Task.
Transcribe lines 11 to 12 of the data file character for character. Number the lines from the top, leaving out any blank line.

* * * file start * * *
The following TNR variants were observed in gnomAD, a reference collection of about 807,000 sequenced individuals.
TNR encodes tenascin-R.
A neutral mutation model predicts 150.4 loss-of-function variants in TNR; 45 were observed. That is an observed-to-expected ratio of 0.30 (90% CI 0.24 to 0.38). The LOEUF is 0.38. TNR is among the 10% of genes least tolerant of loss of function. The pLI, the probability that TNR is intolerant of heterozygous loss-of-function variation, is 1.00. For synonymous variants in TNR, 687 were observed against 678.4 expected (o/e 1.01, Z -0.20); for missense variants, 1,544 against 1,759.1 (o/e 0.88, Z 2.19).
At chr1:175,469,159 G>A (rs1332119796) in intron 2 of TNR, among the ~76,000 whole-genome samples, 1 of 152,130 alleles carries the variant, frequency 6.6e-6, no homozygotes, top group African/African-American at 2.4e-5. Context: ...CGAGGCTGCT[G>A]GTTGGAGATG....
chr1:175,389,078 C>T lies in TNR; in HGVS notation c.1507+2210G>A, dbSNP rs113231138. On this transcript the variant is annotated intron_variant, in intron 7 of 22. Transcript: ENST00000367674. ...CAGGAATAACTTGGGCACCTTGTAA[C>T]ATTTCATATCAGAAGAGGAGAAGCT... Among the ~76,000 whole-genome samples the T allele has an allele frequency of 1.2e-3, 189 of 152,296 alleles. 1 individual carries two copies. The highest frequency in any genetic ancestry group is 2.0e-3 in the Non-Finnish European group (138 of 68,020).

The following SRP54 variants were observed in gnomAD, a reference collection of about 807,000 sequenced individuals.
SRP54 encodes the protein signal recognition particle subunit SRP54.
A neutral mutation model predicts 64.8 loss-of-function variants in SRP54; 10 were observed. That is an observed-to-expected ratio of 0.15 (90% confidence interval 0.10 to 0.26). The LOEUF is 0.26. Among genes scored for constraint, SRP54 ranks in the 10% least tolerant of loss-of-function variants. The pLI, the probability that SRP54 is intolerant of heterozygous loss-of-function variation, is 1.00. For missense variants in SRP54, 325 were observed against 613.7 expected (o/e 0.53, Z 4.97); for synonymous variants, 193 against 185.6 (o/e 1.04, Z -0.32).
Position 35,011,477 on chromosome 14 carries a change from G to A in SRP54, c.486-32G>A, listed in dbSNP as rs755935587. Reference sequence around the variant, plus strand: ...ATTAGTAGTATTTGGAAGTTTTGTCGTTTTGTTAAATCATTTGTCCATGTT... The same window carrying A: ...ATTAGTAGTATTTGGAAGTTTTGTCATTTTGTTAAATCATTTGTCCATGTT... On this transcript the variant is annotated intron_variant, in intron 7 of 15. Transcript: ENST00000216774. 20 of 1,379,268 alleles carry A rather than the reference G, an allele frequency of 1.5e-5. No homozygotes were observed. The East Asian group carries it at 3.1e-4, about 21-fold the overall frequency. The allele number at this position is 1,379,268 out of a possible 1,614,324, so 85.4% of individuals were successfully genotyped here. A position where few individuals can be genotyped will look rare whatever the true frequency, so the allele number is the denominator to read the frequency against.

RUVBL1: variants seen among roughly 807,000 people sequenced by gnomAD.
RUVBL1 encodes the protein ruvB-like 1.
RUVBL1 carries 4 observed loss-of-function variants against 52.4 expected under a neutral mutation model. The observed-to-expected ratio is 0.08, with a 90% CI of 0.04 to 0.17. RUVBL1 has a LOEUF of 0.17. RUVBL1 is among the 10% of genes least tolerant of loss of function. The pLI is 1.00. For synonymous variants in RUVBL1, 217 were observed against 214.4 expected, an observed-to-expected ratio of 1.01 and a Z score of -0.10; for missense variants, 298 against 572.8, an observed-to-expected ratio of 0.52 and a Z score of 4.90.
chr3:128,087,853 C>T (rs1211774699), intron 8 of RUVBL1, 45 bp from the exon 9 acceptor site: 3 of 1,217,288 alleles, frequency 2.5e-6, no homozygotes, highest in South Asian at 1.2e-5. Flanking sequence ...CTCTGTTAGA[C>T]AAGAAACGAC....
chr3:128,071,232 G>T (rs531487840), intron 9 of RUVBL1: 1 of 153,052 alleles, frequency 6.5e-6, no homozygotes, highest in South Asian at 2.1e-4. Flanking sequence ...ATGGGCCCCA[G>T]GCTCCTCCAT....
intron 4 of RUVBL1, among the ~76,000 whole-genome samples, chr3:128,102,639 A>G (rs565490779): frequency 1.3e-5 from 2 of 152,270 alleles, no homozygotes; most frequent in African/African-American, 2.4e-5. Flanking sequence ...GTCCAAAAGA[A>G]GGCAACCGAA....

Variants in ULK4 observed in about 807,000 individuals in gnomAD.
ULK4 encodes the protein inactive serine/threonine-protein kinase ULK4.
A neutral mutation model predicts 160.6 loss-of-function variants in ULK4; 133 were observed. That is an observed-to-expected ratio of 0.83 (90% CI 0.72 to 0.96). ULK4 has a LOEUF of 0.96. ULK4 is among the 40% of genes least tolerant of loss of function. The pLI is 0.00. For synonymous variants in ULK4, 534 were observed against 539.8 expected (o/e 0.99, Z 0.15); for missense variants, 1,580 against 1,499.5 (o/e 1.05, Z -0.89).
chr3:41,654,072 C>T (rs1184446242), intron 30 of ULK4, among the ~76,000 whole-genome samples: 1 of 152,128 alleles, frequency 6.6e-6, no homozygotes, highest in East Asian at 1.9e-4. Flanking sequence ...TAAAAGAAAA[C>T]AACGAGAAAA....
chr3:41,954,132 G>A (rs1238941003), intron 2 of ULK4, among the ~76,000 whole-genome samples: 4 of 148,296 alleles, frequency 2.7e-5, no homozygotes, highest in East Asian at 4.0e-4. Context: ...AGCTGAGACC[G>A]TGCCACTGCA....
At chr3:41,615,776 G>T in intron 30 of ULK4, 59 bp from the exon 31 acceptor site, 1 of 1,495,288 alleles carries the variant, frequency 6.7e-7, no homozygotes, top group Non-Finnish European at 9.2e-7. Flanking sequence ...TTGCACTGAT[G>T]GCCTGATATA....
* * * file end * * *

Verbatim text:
RUVBL1 encodes the protein ruvB-like 1.
RUVBL1 carries 4 observed loss-of-function variants against 52.4 expected under a neutral mutation model. The observed-to-expected ratio is 0.08, with a 90% CI of 0.04 to 0.17. RUVBL1 has a LOEUF of 0.17. RUVBL1 is among the 10% of genes least tolerant of loss of function. The pLI is 1.00. For synonymous variants in RUVBL1, 217 were observed against 214.4 expected, an observed-to-expected ratio of 1.01 and a Z score of -0.10; for missense variants, 298 against 572.8, an observed-to-expected ratio of 0.52 and a Z score of 4.90.